A couple of weeks ago, I blogged about soda taxes, the subject of a story I had in the magazine. At the time, Time.com readers couldn’t see the story, thanks to our new (pay) wall. Well, as it turns out, we’re only hiding our magazine stories for two weeks, and then they’re going up on the web site in full form. So now, after much anticipation, you can read what I wrote here.
Since I reported that story, another notable study of soda taxes has come out, from the U.S. Department of Agriculture’s Economic Research Service. The conclusion: hiking the price of sugar-sweetened soda, juice and sports drinks by 20% could cut the percentage of adult Americans who are overweight from 66.9% to 62.4%. More specifically:
This study estimated that a tax-induced 20-percent price increase on caloric sweetened beverages could cause an average reduction of 37 calories per day, or 3.8 pounds of body weight over a year, for adults and an average of 43 calories per day, or 4.5 pounds over a year, for children. Given these reductions in calorie consumption, results show an estimated decline in adult overweight prevalence (66.9 to 62.4 percent) and obesity prevalence (33.4 to 30.4 percent), as well as the child at-risk-for-overweight prevalence (32.3 to 27.0 percent) and the overweight prevalence (16.6 to 13.7 percent). Actual impacts would depend on many factors, including how the tax is reﬂected in consumer prices and the competitive strategies of beverage manufacturers and food retailers.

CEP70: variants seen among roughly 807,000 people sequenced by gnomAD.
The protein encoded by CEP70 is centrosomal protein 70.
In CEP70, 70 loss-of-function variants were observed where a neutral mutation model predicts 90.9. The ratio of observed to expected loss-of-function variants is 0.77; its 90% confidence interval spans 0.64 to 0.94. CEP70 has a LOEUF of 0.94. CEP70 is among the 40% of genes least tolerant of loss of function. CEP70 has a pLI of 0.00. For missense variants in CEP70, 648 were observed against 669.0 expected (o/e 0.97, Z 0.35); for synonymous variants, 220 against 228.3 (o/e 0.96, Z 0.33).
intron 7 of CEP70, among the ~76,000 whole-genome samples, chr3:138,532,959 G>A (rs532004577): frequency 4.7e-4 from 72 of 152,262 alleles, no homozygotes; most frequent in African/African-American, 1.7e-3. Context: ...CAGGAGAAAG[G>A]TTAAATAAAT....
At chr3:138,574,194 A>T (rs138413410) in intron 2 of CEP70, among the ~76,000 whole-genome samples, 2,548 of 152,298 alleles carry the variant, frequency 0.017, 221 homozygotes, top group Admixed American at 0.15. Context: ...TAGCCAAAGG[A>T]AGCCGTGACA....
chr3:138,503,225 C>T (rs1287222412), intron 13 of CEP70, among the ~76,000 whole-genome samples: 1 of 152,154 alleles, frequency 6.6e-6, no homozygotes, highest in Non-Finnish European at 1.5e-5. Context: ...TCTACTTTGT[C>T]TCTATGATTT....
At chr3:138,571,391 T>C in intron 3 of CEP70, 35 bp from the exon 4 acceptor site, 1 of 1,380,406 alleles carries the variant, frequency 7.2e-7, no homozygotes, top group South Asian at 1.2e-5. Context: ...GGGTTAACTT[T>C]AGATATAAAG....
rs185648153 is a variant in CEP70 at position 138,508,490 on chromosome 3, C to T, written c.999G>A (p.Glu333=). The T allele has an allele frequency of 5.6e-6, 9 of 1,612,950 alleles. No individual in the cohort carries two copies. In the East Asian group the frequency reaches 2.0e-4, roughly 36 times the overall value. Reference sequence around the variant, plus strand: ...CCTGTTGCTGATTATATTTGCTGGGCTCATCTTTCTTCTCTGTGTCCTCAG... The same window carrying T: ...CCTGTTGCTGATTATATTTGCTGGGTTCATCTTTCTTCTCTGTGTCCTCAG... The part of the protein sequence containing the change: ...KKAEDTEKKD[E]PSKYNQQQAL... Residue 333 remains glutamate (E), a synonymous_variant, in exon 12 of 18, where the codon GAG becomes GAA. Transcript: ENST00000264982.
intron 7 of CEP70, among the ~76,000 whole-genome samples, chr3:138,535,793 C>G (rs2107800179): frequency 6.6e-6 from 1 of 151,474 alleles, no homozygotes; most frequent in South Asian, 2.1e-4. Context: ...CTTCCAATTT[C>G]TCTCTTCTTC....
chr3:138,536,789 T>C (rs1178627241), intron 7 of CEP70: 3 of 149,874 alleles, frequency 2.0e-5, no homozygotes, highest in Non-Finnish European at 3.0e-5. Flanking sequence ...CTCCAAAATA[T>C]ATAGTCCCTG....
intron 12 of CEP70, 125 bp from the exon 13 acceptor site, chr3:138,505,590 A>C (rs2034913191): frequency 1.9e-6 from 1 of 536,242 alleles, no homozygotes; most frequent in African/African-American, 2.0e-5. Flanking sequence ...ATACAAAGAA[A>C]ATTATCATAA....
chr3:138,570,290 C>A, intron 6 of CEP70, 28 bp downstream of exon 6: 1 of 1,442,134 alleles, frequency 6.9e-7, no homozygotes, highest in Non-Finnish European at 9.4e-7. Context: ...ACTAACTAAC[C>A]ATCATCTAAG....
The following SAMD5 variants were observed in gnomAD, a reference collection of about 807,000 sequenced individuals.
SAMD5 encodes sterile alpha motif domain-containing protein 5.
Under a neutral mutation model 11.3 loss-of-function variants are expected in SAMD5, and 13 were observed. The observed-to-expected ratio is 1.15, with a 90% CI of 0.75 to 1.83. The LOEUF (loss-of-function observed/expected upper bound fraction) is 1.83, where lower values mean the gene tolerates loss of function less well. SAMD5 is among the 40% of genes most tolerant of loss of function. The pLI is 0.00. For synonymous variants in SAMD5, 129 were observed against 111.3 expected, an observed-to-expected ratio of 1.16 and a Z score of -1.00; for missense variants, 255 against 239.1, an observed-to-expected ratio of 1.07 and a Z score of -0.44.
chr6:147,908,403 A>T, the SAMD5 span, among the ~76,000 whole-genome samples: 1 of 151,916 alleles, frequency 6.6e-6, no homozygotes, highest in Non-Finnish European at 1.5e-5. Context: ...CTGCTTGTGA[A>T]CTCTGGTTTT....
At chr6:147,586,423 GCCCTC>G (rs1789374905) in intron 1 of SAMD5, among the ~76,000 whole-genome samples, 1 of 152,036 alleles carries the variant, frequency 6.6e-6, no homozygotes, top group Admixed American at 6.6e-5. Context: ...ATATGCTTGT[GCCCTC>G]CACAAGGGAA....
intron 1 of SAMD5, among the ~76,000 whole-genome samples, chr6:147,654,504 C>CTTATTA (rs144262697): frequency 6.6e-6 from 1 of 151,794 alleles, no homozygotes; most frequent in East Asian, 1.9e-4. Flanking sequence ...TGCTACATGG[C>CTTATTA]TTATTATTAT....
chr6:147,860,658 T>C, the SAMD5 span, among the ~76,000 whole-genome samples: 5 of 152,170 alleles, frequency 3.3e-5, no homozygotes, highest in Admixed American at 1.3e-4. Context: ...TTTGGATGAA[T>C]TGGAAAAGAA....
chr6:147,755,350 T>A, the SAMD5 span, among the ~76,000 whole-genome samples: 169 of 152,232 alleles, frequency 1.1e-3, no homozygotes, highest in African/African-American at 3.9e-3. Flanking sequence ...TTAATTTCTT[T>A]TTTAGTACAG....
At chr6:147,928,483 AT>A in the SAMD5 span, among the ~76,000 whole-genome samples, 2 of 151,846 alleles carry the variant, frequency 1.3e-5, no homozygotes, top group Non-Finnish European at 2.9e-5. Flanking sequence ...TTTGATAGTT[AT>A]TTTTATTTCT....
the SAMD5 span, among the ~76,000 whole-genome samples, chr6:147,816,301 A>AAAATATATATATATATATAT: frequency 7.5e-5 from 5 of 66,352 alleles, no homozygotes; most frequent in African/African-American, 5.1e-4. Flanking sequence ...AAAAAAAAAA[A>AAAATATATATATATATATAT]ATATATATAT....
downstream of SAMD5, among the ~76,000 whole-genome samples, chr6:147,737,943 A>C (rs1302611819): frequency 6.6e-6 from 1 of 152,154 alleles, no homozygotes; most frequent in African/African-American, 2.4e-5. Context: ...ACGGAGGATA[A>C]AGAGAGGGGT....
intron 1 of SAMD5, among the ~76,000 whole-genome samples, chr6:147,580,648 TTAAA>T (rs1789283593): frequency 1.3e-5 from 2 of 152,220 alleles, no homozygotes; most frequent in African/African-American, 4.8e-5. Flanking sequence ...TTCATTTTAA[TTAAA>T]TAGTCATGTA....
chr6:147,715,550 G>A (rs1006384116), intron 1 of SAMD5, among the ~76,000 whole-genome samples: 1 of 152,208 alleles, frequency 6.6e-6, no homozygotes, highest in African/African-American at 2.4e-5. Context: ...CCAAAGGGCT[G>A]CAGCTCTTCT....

One nice thing that this study does, which such studies don’t always do, is take into account what people will drink more of as they drink less sugar-sweetened soda. The USDA’s researchers used data from Nielsen Homescan panelists between 1998 and 2007, giving them insight into everything people bought at the grocery store. One conclusion: as the price of soda goes up, people are most likely to switch to bottled water. After water, they also drink more fruit and vegetable juice, and after juice, more milk. Interestingly, when the price of sugar-sweetened soda goes up, people also buy less diet soda. The researchers write, “the complimentary effect is possibly the result of a diverse set of preferences within a household for diet and nondiet sweetened beverages.”
Now, there is a downside to the approach used. Researchers only looked at grocery store purchases, and about half of the caloric sweetened beverages we drink, we drink away from home. At a fast food restaurant, the price of soda is often bundled with the price of a hamburger and fries. It is perfectly reasonable to believe that an increase in soda prices in such an environment would drive behavior differently.
Nonetheless, the researchers make one interesting point that holds no matter where people get their calories from: a large number of Americans are overweight or obese by just a few pounds. Even a small reduction in caloric intake—such as the one caused by driving up the price of soda—could change the weight classification for many people.
You can read the full study here (PDF). It includes some great charts and tables, including this one which shows where the added sugar in our diet tends to come from (click on the image to make it larger):